Since its original printing in 1952, the publication of the Handbook of Texas has been made possible through the support of its users. As an independent nonprofit, TSHA relies on your contributions to close the funding gap for the online Handbook and keep it a freely accessible resource for users worldwide. Please make a donation today to preserve the most comprehensive encyclopedic resource on Texas history. Donate Today »


ELDRIDGE, WILLIAM THOMAS (1862–1932). William Thomas Eldridge, businessman, was born in Washington County, Texas, on September 8, 1862. He left home at the age of twelve and moved to Eagle Lake in the early 1880s. He served a term as city marshal, opened a hotel, and around 1900 helped build the Cane Belt Railroad. He built and operated two company towns (Bonus and Eldridge), as well as several businesses in Eagle Lake. After being acquitted of murder charges for killing two men who threatened his life, he moved to Sugar Land and, with the prominent Kempner family of Galveston, bought the Cunningham Sugar Refinery and its 20,000-acre plantation. The new owners organized as the Imperial Sugar Company and named Eldridge manager. Under his control the company built a new refinery and developed a system of irrigation for the various crops. Tariff charges on sugar, however, prevented Texas cane from competing with Hawaiian and Cuban sugarcane, so Eldridge turned to other crops to diversify his farm. He then imported raw sugar from Cuba for refining, and in 1907 produced a half million pounds of sugar a day. His was the only sugar refinery operating in the Southwest. Imperial Sugar became one of the most important sugar companies in Texas history. Under Eldridge's control the partnership built a complete company town with 435 homes for permanent employees of the factory, the stores, and the farms at Sugar Land. On what had been the Cunningham plantation Eldridge grew sugarcane, cotton, feed grains, fruit crops, and such vegetables as cabbages, potatoes, yams, and corn. He acquired, improved, then sold seven more railroads of varying sizes, including the Sugar Land Railroad, the San Antonio, Uvalde and Gulf Railroad, the Asherton and Gulf Railway, and the Rio Grande City Railway. Most of these lines were sold to the Missouri Pacific. Eldridge contracted with the Sealy Mattress Company to manufacture mattresses at Sugar Land. He died on August 20, 1932.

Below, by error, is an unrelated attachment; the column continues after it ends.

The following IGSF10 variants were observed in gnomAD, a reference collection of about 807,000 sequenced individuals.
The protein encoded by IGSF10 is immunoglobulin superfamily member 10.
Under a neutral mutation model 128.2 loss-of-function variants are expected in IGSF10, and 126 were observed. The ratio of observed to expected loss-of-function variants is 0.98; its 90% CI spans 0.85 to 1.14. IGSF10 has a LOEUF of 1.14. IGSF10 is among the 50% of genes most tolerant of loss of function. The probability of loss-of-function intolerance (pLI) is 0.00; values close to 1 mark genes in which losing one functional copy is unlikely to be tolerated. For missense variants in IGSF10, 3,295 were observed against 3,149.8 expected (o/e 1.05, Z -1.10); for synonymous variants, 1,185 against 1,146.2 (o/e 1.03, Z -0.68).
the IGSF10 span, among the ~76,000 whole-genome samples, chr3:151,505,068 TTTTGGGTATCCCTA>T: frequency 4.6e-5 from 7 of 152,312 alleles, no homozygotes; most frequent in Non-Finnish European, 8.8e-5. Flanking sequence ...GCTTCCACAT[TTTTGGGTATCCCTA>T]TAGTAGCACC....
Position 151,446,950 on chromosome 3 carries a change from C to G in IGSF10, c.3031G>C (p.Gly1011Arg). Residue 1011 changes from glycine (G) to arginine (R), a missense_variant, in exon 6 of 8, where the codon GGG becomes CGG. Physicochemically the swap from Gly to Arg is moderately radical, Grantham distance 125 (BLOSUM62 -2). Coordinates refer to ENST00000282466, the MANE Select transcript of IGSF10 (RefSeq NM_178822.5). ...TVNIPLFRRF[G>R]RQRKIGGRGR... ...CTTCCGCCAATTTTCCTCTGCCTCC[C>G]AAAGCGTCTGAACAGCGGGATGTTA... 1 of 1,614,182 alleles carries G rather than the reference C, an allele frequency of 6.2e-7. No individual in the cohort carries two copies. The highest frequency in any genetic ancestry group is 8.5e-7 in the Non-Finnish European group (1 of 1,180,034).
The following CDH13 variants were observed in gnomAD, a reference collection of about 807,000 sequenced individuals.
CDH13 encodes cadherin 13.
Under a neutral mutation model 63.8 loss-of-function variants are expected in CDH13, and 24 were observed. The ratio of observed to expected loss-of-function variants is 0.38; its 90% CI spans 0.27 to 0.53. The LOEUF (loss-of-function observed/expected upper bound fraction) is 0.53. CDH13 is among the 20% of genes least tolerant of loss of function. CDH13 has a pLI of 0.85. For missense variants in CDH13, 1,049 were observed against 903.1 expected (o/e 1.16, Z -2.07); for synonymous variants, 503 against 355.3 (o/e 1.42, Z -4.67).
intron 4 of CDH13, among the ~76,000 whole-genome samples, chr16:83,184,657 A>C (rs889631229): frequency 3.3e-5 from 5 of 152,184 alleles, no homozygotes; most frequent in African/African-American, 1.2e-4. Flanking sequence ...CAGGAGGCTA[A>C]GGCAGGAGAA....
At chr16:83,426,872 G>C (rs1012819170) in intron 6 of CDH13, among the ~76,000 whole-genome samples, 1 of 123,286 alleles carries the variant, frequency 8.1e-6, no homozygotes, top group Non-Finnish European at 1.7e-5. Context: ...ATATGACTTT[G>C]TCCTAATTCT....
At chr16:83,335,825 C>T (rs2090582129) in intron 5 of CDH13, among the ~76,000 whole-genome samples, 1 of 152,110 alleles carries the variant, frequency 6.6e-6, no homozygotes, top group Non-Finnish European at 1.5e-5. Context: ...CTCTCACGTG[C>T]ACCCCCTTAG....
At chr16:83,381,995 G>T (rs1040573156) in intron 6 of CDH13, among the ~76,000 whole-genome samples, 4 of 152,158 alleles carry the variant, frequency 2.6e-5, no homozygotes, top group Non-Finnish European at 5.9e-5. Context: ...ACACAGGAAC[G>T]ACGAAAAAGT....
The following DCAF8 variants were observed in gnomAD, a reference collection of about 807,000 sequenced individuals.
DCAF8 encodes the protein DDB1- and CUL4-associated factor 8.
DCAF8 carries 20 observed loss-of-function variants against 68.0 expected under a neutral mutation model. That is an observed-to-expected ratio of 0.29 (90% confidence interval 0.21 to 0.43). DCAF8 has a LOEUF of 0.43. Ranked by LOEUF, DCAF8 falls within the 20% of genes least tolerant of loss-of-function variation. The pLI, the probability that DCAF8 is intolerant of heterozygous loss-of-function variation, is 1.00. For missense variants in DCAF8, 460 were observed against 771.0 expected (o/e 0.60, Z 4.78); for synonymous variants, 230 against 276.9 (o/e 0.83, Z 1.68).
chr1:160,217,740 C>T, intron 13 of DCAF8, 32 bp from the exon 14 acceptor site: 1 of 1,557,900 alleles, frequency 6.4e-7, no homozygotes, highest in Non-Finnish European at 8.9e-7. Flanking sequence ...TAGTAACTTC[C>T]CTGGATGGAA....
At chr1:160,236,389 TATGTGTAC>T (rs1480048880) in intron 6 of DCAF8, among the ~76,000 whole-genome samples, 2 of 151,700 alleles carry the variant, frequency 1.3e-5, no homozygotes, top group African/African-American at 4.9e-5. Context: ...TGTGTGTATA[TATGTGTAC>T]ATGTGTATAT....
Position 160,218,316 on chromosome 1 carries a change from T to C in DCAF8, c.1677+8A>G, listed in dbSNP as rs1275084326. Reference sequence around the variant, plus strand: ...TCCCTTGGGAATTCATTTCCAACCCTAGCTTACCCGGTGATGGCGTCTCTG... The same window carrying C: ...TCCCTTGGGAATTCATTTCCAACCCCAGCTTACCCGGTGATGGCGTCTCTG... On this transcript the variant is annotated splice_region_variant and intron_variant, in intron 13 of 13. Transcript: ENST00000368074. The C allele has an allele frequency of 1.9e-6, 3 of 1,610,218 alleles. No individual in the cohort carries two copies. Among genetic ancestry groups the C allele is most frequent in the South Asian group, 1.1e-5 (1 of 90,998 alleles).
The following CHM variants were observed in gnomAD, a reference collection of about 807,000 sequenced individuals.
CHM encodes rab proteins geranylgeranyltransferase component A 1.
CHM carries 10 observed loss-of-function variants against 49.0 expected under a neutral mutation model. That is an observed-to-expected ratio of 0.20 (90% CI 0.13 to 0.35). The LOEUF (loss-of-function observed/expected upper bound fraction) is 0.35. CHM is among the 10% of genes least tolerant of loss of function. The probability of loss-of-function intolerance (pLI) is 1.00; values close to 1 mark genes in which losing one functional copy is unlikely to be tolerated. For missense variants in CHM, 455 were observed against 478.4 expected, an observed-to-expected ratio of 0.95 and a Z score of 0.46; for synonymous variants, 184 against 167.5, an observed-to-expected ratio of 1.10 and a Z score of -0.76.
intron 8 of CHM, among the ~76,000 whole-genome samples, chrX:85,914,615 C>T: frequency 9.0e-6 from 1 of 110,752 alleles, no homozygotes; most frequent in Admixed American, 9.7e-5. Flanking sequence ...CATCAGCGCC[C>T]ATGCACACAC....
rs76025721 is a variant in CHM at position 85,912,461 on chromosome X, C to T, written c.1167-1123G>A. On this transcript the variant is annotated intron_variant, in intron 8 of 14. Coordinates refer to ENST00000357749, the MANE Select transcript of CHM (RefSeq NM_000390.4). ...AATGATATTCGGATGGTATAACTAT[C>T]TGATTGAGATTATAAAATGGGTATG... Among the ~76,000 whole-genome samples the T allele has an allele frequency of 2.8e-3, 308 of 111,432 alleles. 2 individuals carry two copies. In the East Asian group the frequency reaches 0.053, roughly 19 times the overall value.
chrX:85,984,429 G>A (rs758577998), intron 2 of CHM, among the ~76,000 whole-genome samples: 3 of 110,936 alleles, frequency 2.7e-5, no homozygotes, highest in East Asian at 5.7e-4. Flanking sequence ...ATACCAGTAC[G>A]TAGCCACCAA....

Robert M. Armstrong, Sugar Land and the Imperial Sugar Company (Sugar Land, Texas, 1991). Houston Post, August 22, 1932. S. G. Reed, A History of the Texas Railroads (Houston: St. Clair, 1941; rpt., New York: Arno, 1981).

Image Use Disclaimer

All copyrighted materials included within the Handbook of Texas Online are in accordance with Title 17 U.S.C. Section 107 related to Copyright and “Fair Use” for Non-Profit educational institutions, which permits the Texas State Historical Association (TSHA), to utilize copyrighted materials to further scholarship, education, and inform the public. The TSHA makes every effort to conform to the principles of fair use and to comply with copyright law.

For more information go to:

If you wish to use copyrighted material from this site for purposes of your own that go beyond fair use, you must obtain permission from the copyright owner.


The following, adapted from the Chicago Manual of Style, 15th edition, is the preferred citation for this article.

Handbook of Texas Online, "ELDRIDGE, WILLIAM THOMAS," accessed December 06, 2019,

Uploaded on June 12, 2010. Published by the Texas State Historical Association.
visit the mytsha forums to participate

View these posts and more when you register your free MyTSHA account.

Call for Papers: Texas Center for Working-Class Studies Events, Symposia, and Workshops
Hi all! You may be interested in this call for papers I received from the Texas Center for Working-Class Studies at Collin College...

Katy Jennings' Ride Scholarly Research Request
I'm doing research on Catherine Jennings Lockwood, specifically the incident known as "Katy Jennings' Ride." Her father was Gordon C. Jennings, the oldest man to die at the Alamo...

Texas Constitution of 1836 Co-Author- Elisha Pease? Ask a Historian
The TSHA profile of Elisha Marshall Pease states that he wrote part of the Texas Constitution although he was only a 24 year-old assistant secretary (not elected). I cannot find any other mention of this authorship work by Pease in other credible research about the credited Constution authors...